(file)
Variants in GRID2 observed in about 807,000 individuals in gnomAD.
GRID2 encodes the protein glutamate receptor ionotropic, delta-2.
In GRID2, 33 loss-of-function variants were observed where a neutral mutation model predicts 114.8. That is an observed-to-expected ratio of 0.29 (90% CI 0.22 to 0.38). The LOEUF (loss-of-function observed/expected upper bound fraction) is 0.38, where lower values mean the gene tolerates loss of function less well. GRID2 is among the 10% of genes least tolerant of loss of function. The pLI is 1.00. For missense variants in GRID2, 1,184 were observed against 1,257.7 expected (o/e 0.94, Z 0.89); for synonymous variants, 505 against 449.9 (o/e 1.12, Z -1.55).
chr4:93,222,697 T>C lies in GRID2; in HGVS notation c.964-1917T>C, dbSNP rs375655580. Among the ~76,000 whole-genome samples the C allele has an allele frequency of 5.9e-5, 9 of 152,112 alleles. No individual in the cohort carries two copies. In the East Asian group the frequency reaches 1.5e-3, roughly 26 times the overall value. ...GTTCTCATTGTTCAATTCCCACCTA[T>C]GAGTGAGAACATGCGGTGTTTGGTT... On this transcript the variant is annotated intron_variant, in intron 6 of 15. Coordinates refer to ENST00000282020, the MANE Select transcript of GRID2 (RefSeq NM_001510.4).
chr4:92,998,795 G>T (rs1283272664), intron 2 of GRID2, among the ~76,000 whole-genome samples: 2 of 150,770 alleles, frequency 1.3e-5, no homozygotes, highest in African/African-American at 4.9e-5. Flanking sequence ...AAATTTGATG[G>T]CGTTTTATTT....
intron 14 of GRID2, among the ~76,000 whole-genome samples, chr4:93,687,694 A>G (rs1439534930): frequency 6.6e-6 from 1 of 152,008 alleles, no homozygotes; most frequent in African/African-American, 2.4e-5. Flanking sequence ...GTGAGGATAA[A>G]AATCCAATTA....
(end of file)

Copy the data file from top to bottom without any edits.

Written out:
Variants in GRID2 observed in about 807,000 individuals in gnomAD.
GRID2 encodes the protein glutamate receptor ionotropic, delta-2.
In GRID2, 33 loss-of-function variants were observed where a neutral mutation model predicts 114.8. That is an observed-to-expected ratio of 0.29 (90% CI 0.22 to 0.38). The LOEUF (loss-of-function observed/expected upper bound fraction) is 0.38, where lower values mean the gene tolerates loss of function less well. GRID2 is among the 10% of genes least tolerant of loss of function. The pLI is 1.00. For missense variants in GRID2, 1,184 were observed against 1,257.7 expected (o/e 0.94, Z 0.89); for synonymous variants, 505 against 449.9 (o/e 1.12, Z -1.55).
chr4:93,222,697 T>C lies in GRID2; in HGVS notation c.964-1917T>C, dbSNP rs375655580. Among the ~76,000 whole-genome samples the C allele has an allele frequency of 5.9e-5, 9 of 152,112 alleles. No individual in the cohort carries two copies. In the East Asian group the frequency reaches 1.5e-3, roughly 26 times the overall value. ...GTTCTCATTGTTCAATTCCCACCTA[T>C]GAGTGAGAACATGCGGTGTTTGGTT... On this transcript the variant is annotated intron_variant, in intron 6 of 15. Coordinates refer to ENST00000282020, the MANE Select transcript of GRID2 (RefSeq NM_001510.4).
chr4:92,998,795 G>T (rs1283272664), intron 2 of GRID2, among the ~76,000 whole-genome samples: 2 of 150,770 alleles, frequency 1.3e-5, no homozygotes, highest in African/African-American at 4.9e-5. Flanking sequence ...AAATTTGATG[G>T]CGTTTTATTT....
intron 14 of GRID2, among the ~76,000 whole-genome samples, chr4:93,687,694 A>G (rs1439534930): frequency 6.6e-6 from 1 of 152,008 alleles, no homozygotes; most frequent in African/African-American, 2.4e-5. Flanking sequence ...GTGAGGATAA[A>G]AATCCAATTA....